When I first became a Christian in my twenties, I worked with a guy who challenged me about the credibility of Christianity.
His point was that no one—outside of your own self—could really know for sure what truth was. He was immersed in the teachings of a philosopher named Jiddu Krishnamurti.
As a 14-year-old boy in India, Krishnamurti was taken in by the Theosophical Society in the early 1900’s. They believed he was the coming World Teacher—the reincarnation of Christ in the West and Buddha in the East. He was groomed to be the new Messiah. At one point, some enthralled Theosophists believed he would visit Australia by walking on water in Sydney harbor.
He took a boat instead.
But in his mid-thirties, Krishnamurti renounced everything. He saw it all as a sham and actually disbanded the group who thought he was messianic. He later wrote that “truth is a pathless land, and you cannot approach it by any path whatsoever, by any religion, by any sect . . . Truth, being limitless, unconditioned, unapproachable by any path whatsoever, cannot be organized; nor should any organization be formed to lead or coerce people along a particular path.”
My co-worker thought my new-found dependence on Jesus was something of a “blind followership”. One day he said to me, “Krishnamurti says you cannot trust anyone as a source of spiritual knowledge and authority except for your own self and your own senses”…to which I asked, “So why should I believe him?”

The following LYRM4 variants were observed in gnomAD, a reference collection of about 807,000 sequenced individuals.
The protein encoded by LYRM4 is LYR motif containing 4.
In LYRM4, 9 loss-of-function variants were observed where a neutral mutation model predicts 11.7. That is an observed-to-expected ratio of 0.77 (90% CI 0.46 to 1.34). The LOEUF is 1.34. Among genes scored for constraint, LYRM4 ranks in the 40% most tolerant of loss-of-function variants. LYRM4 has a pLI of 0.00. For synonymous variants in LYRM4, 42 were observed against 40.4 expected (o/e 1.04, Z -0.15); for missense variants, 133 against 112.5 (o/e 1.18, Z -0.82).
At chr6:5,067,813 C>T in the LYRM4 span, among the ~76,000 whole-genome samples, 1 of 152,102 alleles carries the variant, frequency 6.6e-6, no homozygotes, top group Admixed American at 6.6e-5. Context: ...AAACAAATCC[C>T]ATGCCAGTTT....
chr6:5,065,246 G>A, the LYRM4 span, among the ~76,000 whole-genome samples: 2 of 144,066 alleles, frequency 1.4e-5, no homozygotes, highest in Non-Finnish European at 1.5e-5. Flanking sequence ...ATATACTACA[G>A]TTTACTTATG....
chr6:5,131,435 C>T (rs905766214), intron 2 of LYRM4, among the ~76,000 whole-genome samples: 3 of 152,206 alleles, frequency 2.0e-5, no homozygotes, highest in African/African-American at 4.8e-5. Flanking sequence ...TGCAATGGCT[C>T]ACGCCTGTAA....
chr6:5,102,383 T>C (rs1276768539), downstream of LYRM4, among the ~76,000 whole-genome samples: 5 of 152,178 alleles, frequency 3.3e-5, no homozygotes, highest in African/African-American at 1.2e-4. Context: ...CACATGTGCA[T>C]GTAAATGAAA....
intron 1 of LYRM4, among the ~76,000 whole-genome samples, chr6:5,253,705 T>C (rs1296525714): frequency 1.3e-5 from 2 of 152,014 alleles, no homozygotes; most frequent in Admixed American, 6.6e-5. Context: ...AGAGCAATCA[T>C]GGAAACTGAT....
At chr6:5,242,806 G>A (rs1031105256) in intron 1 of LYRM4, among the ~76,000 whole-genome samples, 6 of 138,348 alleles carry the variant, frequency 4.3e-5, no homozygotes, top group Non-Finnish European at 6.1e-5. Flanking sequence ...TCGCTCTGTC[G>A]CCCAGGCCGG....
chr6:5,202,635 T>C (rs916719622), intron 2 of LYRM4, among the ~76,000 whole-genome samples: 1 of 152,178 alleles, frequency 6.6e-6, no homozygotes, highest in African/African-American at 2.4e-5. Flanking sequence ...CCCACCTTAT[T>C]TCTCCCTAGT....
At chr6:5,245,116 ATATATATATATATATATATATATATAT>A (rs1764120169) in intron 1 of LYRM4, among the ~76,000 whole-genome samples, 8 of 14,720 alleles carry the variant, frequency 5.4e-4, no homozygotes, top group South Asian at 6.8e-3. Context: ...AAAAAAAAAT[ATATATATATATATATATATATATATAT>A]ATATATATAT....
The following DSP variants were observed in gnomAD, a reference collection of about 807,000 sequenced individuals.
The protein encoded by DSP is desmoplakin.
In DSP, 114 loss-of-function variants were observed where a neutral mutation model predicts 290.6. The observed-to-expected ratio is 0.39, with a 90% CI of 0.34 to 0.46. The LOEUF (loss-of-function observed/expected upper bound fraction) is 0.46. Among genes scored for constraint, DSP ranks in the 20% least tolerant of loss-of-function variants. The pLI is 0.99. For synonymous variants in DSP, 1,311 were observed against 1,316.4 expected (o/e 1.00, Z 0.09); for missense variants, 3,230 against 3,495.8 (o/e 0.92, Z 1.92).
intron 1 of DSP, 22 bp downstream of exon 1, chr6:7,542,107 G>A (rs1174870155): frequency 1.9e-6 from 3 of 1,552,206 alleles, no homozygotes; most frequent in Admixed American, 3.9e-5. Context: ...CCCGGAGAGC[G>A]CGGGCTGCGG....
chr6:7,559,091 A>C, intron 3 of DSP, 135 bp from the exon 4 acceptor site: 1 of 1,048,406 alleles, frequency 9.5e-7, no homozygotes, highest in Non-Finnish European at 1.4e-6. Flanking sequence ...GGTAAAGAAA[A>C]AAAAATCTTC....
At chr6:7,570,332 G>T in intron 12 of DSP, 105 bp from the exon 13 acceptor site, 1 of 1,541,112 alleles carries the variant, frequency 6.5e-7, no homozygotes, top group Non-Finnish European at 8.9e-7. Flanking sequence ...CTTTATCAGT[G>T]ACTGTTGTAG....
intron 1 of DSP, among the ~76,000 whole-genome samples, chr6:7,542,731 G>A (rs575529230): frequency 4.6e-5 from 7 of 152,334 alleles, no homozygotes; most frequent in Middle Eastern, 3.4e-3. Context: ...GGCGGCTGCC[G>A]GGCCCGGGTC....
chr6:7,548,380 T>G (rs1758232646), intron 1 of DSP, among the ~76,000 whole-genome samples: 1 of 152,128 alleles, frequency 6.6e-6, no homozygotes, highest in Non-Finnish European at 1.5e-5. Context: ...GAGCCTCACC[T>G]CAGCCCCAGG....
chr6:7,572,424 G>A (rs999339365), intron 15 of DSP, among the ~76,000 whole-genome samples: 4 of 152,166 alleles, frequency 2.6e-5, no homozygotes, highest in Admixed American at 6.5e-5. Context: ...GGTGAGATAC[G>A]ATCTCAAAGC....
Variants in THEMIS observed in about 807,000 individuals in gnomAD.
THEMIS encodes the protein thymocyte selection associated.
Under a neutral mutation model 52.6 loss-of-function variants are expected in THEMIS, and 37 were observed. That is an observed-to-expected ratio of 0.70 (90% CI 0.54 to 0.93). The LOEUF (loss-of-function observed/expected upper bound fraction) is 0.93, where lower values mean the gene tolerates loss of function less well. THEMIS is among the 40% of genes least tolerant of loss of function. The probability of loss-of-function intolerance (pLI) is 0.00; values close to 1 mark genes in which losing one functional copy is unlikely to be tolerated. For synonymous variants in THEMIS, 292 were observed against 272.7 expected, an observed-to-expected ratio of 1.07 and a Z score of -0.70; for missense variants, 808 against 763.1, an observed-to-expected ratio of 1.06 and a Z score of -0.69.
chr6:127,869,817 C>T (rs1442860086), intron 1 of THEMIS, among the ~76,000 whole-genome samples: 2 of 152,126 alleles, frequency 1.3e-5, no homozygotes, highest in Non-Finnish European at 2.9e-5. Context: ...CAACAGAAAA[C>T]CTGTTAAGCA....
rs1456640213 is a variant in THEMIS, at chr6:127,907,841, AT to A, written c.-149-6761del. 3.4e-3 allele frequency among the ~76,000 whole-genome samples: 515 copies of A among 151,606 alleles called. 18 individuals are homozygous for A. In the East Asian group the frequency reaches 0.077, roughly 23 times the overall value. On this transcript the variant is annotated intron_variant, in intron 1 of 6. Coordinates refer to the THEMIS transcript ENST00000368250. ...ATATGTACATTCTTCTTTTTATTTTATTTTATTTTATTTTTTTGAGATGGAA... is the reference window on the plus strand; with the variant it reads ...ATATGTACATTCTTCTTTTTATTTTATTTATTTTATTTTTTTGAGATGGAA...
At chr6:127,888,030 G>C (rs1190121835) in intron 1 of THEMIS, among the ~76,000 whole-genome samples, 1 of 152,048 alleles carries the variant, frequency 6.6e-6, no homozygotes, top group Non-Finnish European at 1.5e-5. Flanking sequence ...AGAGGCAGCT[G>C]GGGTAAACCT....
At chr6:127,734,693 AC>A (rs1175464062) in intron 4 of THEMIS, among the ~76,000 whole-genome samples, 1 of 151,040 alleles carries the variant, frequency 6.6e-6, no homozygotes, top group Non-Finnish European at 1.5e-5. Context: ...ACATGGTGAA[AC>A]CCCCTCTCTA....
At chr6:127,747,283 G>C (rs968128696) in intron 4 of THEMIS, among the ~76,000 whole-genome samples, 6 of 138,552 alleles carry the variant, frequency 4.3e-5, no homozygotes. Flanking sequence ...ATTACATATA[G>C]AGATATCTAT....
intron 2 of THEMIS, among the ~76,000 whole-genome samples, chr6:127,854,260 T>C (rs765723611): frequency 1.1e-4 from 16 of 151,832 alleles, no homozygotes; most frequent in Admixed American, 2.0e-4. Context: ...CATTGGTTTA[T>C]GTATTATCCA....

Authority is absolutely critical for intellectual and spiritual growth. But the trustworthiness of the authority is crucial. I have seen neither microbes nor pterodactyls, but I trust those who have done the research, offered the evidence, described their experience, and explained the process. Most everything you know is based on trusting an authority. Otherwise you’d never grow if all you had were your five senses and no interaction with others’ experience and research.
This is where mentoring can be so helpful. To spend time with someone who is trustworthy and a bit further down the road than where you are, or has personally experienced, struggled, and persevered, or has researched and studied the specific areas you need help on, is vital for growth as a leader.
Imagine a quarterback who avoided any mentoring or coaching: how well will they play at the NFL level? Or even interact with their teammates?
And how is that working for you?
Dave Workman | ELEMENTAL CHURCHES